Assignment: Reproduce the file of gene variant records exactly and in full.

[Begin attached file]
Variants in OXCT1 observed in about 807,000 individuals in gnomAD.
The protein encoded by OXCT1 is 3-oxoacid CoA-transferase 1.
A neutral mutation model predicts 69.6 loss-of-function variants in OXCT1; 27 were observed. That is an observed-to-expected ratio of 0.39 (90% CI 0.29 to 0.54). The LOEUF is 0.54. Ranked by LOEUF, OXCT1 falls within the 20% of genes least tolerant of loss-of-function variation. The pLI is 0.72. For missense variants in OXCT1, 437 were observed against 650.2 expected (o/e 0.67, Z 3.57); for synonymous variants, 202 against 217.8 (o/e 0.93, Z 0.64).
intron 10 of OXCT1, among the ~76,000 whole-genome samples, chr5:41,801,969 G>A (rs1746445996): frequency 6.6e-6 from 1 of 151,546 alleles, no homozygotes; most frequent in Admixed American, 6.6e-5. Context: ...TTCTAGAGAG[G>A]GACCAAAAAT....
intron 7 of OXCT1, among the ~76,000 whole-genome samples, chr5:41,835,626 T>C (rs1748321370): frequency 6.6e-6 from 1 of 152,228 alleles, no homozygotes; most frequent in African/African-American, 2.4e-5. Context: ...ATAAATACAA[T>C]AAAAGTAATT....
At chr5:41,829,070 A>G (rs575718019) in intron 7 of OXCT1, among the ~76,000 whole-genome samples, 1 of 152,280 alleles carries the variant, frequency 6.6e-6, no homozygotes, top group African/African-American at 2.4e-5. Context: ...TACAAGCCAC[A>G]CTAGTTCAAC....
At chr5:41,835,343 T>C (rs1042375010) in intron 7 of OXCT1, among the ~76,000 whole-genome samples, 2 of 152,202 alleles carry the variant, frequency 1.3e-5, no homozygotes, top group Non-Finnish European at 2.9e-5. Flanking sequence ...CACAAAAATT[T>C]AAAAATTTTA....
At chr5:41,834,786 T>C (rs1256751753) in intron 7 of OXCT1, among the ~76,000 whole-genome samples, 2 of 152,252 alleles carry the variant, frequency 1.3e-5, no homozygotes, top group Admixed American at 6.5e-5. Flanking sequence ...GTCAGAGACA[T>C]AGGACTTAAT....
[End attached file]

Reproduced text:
Variants in OXCT1 observed in about 807,000 individuals in gnomAD.
The protein encoded by OXCT1 is 3-oxoacid CoA-transferase 1.
A neutral mutation model predicts 69.6 loss-of-function variants in OXCT1; 27 were observed. That is an observed-to-expected ratio of 0.39 (90% CI 0.29 to 0.54). The LOEUF is 0.54. Ranked by LOEUF, OXCT1 falls within the 20% of genes least tolerant of loss-of-function variation. The pLI is 0.72. For missense variants in OXCT1, 437 were observed against 650.2 expected (o/e 0.67, Z 3.57); for synonymous variants, 202 against 217.8 (o/e 0.93, Z 0.64).
intron 10 of OXCT1, among the ~76,000 whole-genome samples, chr5:41,801,969 G>A (rs1746445996): frequency 6.6e-6 from 1 of 151,546 alleles, no homozygotes; most frequent in Admixed American, 6.6e-5. Context: ...TTCTAGAGAG[G>A]GACCAAAAAT....
intron 7 of OXCT1, among the ~76,000 whole-genome samples, chr5:41,835,626 T>C (rs1748321370): frequency 6.6e-6 from 1 of 152,228 alleles, no homozygotes; most frequent in African/African-American, 2.4e-5. Context: ...ATAAATACAA[T>C]AAAAGTAATT....
At chr5:41,829,070 A>G (rs575718019) in intron 7 of OXCT1, among the ~76,000 whole-genome samples, 1 of 152,280 alleles carries the variant, frequency 6.6e-6, no homozygotes, top group African/African-American at 2.4e-5. Context: ...TACAAGCCAC[A>G]CTAGTTCAAC....
At chr5:41,835,343 T>C (rs1042375010) in intron 7 of OXCT1, among the ~76,000 whole-genome samples, 2 of 152,202 alleles carry the variant, frequency 1.3e-5, no homozygotes, top group Non-Finnish European at 2.9e-5. Flanking sequence ...CACAAAAATT[T>C]AAAAATTTTA....
At chr5:41,834,786 T>C (rs1256751753) in intron 7 of OXCT1, among the ~76,000 whole-genome samples, 2 of 152,252 alleles carry the variant, frequency 1.3e-5, no homozygotes, top group Admixed American at 6.5e-5. Flanking sequence ...GTCAGAGACA[T>C]AGGACTTAAT....